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For Some a Solitary Journey Leads Back to the World � Chef�s Choice Thirteen The happiest people spend the least time alone,� asserted the USA TODAY cover story that ran the day I received an invitation to share my thoughts on soulful living for the website�s third anniversary issue.

�Not!� was my disheartened rejoinder to the startling quote.

The words caught my eye because they run directly counter to my own conviction that too many of us think we are nothing alone: bereft, miserable, lost, adrift in a world that goes around in twos or more and is wary of solitary travelers.

We�ve even coined a word for those who prefer to be by themselves: antisocial, as if they were enemies of society, for society decrees that seeking contentment alone is heretical because our completeness lies wholly, steadfastly in others.

And so we grow old believing we are nothing alone, resolutely shunning the opportunities for self-realization and personal growth that solitude can bring us.

Little wonder we persist in the belief that a solitary existence is the harshest penalty life can mete out. We loathe being alone -- anytime, anywhere, for too long, for whatever reason.

�Where is my wonderful someone to make me complete?� is our plaintive, perennial cry, as if we were half-empty alone.

And that is sad -- no, it�s tragic! Surely, it's not soulful living.

After a lifetime, then, of seeking my happiness and fulfillment, my answers, my very identity in others -- all of which, I came to realize, I had to find in myself -- soulful living began with the realization that there are gifts we can only give ourselves, lessons no one else can teach us, triumphs we must achieve alone, despite our desperate need for someone to help us.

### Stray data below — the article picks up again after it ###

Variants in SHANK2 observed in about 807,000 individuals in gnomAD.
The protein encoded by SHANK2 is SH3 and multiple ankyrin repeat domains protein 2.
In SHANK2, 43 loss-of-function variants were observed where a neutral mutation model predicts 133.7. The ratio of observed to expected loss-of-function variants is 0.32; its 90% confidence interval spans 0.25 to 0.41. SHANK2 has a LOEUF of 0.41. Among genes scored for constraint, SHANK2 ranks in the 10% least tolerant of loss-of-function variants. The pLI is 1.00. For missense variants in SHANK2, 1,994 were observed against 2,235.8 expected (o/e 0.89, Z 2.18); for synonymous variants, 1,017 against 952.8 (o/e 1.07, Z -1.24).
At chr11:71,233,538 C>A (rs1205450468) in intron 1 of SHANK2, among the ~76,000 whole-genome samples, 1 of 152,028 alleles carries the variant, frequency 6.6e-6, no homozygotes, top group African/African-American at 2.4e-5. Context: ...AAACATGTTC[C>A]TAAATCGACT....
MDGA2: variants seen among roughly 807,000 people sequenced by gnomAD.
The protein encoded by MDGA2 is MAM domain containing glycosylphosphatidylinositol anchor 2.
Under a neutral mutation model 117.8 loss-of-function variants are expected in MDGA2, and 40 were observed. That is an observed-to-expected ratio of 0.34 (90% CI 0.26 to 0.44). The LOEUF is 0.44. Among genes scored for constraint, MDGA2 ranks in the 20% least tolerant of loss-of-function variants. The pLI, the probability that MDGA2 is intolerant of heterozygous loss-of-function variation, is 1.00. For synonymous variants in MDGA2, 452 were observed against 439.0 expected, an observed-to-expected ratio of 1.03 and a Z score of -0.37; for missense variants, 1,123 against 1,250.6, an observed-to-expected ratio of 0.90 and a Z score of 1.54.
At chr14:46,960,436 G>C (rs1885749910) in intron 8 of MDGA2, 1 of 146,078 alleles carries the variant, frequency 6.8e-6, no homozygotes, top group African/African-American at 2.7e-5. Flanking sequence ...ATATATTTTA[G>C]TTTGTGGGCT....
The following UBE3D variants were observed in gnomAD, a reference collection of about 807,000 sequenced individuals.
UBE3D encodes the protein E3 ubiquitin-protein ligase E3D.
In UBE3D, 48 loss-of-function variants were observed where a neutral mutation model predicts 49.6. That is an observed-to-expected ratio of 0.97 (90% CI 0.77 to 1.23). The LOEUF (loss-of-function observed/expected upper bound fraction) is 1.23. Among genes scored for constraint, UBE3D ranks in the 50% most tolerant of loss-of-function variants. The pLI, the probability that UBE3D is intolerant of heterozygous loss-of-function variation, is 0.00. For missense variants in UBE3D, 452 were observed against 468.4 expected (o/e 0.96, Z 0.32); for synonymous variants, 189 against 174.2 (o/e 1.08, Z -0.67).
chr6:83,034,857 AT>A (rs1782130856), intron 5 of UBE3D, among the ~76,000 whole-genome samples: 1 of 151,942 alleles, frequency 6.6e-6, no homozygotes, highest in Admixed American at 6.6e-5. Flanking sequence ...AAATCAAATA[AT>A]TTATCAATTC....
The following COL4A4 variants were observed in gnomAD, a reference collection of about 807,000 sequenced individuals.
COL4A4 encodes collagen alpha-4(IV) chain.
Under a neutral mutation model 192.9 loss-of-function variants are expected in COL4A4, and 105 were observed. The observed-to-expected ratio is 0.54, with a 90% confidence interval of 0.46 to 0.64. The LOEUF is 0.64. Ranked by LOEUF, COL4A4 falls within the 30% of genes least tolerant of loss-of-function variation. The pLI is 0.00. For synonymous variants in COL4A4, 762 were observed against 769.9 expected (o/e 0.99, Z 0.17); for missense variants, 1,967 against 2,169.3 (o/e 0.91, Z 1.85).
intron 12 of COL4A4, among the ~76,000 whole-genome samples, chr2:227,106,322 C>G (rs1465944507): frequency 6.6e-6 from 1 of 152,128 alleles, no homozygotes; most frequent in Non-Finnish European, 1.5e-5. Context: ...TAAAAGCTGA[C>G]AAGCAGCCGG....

Nine years, then, into my search for myself, I�m finally in a time and place where my happiness, self-esteem and self-fulfillment have little to do with what other people think of me and everything to do with what I think of myself.

After a lifetime of auditioning for others -- parents, teachers, employers, suitors, lovers, spouses, strangers, friends, only to realize I should have put myself at the head of the line -- earned my own love, respect and affection first. And everything else would have taken care of itself.

How sad I waited a lifetime to find my true worth in my own eyes instead of in the eyes of others.

How barren all the years; years spent trying to be what I thought others wanted me to be instead of being simply who I was, the hero I was meant to be.

How long it took me to look in the mirror and see the only eyes that matter, the only eyes that truly appreciate and understand me. In them, finally, I have found all the respect and approval, all the love and esteem I sought and desired.

Now everything I receive from others comes as a gift, not a need.

Recently, someone took the hand of this weary, lifelong co-dependent, who long ago came to believe that all the good things that would ever happen to him would be of his own making, that the only gifts he would receive were the ones he would give himself, and she said something that blew him away.

"You are not a need I am filling in myself," she told him, "because I know I have to fix myself, that no one else can do it for me.

"You," said this bright and shining individual, "are a wonderful gift I am giving myself."

And so soulful living, for me, has come down to this wonderful realization that the world still waits out there for me. But I had to reach it through myself.

Reprinted from January 2003 issue of Soulful Living.Com �Lionel Fisher, author of Celebrating Time Alone: Stories of Splendid Solitude (Beyond Words Publishing, 2001). Reach him at beachauthor@lycos.com to share your thoughts on magnificent aloneness.